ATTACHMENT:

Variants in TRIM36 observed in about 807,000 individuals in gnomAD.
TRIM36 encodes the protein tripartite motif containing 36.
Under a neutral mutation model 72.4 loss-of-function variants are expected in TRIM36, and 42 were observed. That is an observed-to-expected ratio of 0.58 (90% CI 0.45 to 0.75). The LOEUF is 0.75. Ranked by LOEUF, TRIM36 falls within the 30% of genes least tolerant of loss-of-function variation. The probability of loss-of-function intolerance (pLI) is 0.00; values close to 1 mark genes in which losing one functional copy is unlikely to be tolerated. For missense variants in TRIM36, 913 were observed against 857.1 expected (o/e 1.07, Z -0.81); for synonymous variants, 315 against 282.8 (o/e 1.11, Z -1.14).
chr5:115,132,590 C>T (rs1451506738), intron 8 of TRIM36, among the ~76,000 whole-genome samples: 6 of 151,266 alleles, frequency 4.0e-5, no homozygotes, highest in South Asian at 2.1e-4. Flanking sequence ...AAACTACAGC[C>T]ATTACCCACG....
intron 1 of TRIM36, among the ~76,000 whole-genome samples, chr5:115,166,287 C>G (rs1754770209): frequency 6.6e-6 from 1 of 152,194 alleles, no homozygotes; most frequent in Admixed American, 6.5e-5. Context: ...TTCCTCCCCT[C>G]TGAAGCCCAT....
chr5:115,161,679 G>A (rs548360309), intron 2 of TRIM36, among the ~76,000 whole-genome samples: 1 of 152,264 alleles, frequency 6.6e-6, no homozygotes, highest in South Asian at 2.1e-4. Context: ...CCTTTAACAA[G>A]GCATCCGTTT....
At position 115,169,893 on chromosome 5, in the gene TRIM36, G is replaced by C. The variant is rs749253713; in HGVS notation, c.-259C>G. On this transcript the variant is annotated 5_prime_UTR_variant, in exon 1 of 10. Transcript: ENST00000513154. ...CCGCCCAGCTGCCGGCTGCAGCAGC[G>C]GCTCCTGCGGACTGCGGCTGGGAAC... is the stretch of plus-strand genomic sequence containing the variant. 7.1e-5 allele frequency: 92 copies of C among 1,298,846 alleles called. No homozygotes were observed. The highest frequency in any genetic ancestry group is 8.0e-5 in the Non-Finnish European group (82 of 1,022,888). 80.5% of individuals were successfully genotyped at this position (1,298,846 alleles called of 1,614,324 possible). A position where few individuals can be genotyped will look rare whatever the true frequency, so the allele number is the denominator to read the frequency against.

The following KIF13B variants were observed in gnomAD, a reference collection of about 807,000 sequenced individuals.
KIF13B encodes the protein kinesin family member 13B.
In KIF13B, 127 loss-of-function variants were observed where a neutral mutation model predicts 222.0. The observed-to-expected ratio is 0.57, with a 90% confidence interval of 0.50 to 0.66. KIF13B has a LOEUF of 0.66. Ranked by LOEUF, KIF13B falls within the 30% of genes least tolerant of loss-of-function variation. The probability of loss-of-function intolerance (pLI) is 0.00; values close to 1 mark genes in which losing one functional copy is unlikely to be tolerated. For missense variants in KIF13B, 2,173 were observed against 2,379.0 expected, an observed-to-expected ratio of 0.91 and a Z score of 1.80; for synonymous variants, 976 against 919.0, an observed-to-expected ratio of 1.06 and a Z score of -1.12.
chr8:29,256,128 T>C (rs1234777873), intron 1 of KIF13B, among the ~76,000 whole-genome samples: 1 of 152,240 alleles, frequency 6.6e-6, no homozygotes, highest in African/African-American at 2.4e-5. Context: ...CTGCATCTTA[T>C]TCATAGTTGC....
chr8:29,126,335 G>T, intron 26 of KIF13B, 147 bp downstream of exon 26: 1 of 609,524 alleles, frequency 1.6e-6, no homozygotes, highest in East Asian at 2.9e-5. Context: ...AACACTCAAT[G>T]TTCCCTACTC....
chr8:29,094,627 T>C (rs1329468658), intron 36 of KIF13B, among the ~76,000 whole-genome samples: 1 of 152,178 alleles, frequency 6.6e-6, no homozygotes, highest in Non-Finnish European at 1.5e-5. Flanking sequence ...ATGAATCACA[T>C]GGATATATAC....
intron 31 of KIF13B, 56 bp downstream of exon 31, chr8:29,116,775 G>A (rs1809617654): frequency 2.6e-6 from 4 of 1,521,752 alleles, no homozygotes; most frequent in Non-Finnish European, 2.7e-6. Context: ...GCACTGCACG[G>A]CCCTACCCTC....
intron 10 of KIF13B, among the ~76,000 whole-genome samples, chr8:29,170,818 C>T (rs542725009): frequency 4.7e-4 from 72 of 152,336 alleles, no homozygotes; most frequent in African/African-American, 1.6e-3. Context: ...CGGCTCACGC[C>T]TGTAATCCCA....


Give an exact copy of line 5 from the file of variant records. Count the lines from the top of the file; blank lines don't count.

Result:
intron 1 of TRIM36, among the ~76,000 whole-genome samples, chr5:115,166,287 C>G (rs1754770209): frequency 6.6e-6 from 1 of 152,194 alleles, no homozygotes; most frequent in Admixed American, 6.5e-5. Context: ...TTCCTCCCCT[C>G]TGAAGCCCAT....